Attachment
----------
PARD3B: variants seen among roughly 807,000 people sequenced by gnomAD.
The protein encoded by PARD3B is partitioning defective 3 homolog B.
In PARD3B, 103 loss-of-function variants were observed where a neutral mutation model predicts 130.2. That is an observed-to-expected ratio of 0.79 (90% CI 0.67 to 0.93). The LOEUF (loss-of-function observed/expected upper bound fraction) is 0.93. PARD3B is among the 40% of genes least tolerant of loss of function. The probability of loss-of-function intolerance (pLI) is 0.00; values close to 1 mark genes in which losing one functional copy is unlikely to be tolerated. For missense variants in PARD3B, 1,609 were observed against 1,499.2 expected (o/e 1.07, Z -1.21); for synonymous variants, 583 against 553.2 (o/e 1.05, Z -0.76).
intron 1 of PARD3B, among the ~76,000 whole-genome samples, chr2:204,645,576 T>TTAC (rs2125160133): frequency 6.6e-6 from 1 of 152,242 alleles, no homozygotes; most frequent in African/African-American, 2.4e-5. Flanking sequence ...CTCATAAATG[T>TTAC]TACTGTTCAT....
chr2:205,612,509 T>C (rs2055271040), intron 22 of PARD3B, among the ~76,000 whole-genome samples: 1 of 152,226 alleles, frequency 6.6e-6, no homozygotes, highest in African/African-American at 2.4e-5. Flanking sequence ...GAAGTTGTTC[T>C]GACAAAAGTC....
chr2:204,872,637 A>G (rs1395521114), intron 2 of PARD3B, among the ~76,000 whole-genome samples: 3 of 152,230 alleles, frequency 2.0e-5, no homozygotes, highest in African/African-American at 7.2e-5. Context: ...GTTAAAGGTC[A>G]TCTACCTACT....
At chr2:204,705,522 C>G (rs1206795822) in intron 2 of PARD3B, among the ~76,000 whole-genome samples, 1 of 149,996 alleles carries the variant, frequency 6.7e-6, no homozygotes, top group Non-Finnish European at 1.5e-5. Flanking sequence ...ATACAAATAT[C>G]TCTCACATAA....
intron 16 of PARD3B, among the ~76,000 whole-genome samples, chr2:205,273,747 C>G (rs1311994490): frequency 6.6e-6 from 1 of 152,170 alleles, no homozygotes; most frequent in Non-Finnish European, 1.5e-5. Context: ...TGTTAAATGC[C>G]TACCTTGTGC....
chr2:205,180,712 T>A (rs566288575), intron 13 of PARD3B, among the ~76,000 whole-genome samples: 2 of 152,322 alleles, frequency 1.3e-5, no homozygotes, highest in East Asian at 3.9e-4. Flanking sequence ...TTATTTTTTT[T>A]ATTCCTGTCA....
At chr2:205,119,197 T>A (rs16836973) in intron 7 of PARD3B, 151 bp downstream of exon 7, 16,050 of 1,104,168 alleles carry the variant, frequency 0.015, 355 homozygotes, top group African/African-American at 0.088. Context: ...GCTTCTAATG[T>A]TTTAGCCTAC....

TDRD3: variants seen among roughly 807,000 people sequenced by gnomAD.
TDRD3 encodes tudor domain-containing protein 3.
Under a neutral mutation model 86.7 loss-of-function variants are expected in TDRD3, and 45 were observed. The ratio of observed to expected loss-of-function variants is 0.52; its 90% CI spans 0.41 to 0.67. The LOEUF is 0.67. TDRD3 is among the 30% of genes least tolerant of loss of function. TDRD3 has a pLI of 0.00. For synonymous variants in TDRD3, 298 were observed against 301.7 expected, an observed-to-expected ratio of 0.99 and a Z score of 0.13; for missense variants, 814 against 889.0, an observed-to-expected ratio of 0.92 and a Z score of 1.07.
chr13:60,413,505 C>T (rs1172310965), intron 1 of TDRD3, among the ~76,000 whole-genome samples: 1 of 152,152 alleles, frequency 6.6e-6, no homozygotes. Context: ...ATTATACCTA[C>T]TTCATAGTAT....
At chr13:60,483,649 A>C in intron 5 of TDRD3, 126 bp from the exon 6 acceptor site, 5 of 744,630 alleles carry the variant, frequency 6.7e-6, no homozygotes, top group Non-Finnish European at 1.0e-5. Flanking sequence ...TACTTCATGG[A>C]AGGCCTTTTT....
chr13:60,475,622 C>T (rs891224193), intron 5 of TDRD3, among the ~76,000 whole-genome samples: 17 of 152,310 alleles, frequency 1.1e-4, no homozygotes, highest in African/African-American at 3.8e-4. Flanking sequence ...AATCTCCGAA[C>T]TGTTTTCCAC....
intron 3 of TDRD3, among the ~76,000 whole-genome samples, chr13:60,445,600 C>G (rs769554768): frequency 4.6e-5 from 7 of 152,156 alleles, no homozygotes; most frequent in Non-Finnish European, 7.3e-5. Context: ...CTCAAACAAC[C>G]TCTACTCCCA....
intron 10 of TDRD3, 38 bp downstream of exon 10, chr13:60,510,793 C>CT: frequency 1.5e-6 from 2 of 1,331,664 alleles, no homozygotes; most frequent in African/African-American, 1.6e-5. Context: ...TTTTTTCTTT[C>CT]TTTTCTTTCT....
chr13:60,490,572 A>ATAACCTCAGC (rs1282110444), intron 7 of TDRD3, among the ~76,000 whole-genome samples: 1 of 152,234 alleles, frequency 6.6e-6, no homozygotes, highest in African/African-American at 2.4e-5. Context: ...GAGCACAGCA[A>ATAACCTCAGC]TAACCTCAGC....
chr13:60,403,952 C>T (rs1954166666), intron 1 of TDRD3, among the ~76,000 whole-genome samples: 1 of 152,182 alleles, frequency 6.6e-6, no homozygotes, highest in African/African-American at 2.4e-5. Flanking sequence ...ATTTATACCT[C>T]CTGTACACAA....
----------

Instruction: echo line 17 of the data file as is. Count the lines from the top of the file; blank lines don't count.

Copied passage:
intron 3 of TDRD3, among the ~76,000 whole-genome samples, chr13:60,445,600 C>G (rs769554768): frequency 4.6e-5 from 7 of 152,156 alleles, no homozygotes; most frequent in Non-Finnish European, 7.3e-5. Context: ...CTCAAACAAC[C>G]TCTACTCCCA....